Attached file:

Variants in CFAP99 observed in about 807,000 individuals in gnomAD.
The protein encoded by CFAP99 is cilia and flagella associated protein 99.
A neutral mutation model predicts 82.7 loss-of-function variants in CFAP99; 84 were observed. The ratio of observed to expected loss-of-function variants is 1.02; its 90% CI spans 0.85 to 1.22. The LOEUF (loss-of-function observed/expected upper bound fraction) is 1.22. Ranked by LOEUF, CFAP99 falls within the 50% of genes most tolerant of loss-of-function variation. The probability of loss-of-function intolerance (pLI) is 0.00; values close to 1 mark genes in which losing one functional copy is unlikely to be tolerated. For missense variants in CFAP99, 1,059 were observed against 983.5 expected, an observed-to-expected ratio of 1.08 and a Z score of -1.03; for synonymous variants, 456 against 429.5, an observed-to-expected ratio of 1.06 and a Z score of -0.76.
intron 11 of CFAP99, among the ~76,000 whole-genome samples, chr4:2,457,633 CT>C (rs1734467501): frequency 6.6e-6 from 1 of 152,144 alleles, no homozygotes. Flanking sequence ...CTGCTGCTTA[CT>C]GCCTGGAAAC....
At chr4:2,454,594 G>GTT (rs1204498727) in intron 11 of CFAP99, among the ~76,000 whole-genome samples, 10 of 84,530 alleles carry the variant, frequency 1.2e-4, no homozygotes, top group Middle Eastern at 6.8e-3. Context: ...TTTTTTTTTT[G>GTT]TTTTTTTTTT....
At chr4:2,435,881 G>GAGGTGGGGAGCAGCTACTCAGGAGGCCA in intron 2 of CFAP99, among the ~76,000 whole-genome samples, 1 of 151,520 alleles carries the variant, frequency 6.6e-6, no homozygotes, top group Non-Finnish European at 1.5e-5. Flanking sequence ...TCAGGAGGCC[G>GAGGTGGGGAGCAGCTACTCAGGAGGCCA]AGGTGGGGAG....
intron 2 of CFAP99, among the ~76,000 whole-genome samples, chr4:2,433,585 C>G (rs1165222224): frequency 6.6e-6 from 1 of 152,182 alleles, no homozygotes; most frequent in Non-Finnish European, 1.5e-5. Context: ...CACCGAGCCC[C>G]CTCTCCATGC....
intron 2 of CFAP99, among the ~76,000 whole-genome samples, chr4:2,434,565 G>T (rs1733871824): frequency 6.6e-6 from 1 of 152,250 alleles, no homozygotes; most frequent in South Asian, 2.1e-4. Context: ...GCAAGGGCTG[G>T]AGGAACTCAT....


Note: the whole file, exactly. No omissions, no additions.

Variants in CFAP99 observed in about 807,000 individuals in gnomAD.
The protein encoded by CFAP99 is cilia and flagella associated protein 99.
A neutral mutation model predicts 82.7 loss-of-function variants in CFAP99; 84 were observed. The ratio of observed to expected loss-of-function variants is 1.02; its 90% CI spans 0.85 to 1.22. The LOEUF (loss-of-function observed/expected upper bound fraction) is 1.22. Ranked by LOEUF, CFAP99 falls within the 50% of genes most tolerant of loss-of-function variation. The probability of loss-of-function intolerance (pLI) is 0.00; values close to 1 mark genes in which losing one functional copy is unlikely to be tolerated. For missense variants in CFAP99, 1,059 were observed against 983.5 expected, an observed-to-expected ratio of 1.08 and a Z score of -1.03; for synonymous variants, 456 against 429.5, an observed-to-expected ratio of 1.06 and a Z score of -0.76.
intron 11 of CFAP99, among the ~76,000 whole-genome samples, chr4:2,457,633 CT>C (rs1734467501): frequency 6.6e-6 from 1 of 152,144 alleles, no homozygotes. Flanking sequence ...CTGCTGCTTA[CT>C]GCCTGGAAAC....
At chr4:2,454,594 G>GTT (rs1204498727) in intron 11 of CFAP99, among the ~76,000 whole-genome samples, 10 of 84,530 alleles carry the variant, frequency 1.2e-4, no homozygotes, top group Middle Eastern at 6.8e-3. Context: ...TTTTTTTTTT[G>GTT]TTTTTTTTTT....
At chr4:2,435,881 G>GAGGTGGGGAGCAGCTACTCAGGAGGCCA in intron 2 of CFAP99, among the ~76,000 whole-genome samples, 1 of 151,520 alleles carries the variant, frequency 6.6e-6, no homozygotes, top group Non-Finnish European at 1.5e-5. Flanking sequence ...TCAGGAGGCC[G>GAGGTGGGGAGCAGCTACTCAGGAGGCCA]AGGTGGGGAG....
intron 2 of CFAP99, among the ~76,000 whole-genome samples, chr4:2,433,585 C>G (rs1165222224): frequency 6.6e-6 from 1 of 152,182 alleles, no homozygotes; most frequent in Non-Finnish European, 1.5e-5. Context: ...CACCGAGCCC[C>G]CTCTCCATGC....
intron 2 of CFAP99, among the ~76,000 whole-genome samples, chr4:2,434,565 G>T (rs1733871824): frequency 6.6e-6 from 1 of 152,250 alleles, no homozygotes; most frequent in South Asian, 2.1e-4. Context: ...GCAAGGGCTG[G>T]AGGAACTCAT....